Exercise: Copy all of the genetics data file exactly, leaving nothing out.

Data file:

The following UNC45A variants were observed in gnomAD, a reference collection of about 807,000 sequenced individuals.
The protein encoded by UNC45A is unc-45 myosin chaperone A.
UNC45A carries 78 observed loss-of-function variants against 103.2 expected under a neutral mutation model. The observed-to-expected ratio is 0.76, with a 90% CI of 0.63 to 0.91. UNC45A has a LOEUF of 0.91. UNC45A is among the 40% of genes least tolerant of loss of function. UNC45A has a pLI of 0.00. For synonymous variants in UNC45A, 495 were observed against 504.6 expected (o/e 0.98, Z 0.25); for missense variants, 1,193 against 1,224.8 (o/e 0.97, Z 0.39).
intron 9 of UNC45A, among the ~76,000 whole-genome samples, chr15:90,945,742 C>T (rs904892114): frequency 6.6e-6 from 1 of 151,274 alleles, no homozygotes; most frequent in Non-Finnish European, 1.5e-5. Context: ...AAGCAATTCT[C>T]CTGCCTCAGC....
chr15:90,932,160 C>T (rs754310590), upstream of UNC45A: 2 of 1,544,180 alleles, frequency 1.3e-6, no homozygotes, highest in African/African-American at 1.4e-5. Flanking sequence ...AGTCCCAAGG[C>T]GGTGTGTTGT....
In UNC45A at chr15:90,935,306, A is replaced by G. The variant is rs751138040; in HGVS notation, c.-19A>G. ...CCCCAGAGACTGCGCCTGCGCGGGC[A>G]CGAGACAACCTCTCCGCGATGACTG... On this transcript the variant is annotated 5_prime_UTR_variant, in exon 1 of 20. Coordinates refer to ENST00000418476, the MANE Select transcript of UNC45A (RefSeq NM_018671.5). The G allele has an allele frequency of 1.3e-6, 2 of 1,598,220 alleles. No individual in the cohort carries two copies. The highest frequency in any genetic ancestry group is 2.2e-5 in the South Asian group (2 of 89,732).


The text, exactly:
The following UNC45A variants were observed in gnomAD, a reference collection of about 807,000 sequenced individuals.
The protein encoded by UNC45A is unc-45 myosin chaperone A.
UNC45A carries 78 observed loss-of-function variants against 103.2 expected under a neutral mutation model. The observed-to-expected ratio is 0.76, with a 90% CI of 0.63 to 0.91. UNC45A has a LOEUF of 0.91. UNC45A is among the 40% of genes least tolerant of loss of function. UNC45A has a pLI of 0.00. For synonymous variants in UNC45A, 495 were observed against 504.6 expected (o/e 0.98, Z 0.25); for missense variants, 1,193 against 1,224.8 (o/e 0.97, Z 0.39).
intron 9 of UNC45A, among the ~76,000 whole-genome samples, chr15:90,945,742 C>T (rs904892114): frequency 6.6e-6 from 1 of 151,274 alleles, no homozygotes; most frequent in Non-Finnish European, 1.5e-5. Context: ...AAGCAATTCT[C>T]CTGCCTCAGC....
chr15:90,932,160 C>T (rs754310590), upstream of UNC45A: 2 of 1,544,180 alleles, frequency 1.3e-6, no homozygotes, highest in African/African-American at 1.4e-5. Flanking sequence ...AGTCCCAAGG[C>T]GGTGTGTTGT....
In UNC45A at chr15:90,935,306, A is replaced by G. The variant is rs751138040; in HGVS notation, c.-19A>G. ...CCCCAGAGACTGCGCCTGCGCGGGC[A>G]CGAGACAACCTCTCCGCGATGACTG... On this transcript the variant is annotated 5_prime_UTR_variant, in exon 1 of 20. Coordinates refer to ENST00000418476, the MANE Select transcript of UNC45A (RefSeq NM_018671.5). The G allele has an allele frequency of 1.3e-6, 2 of 1,598,220 alleles. No individual in the cohort carries two copies. The highest frequency in any genetic ancestry group is 2.2e-5 in the South Asian group (2 of 89,732).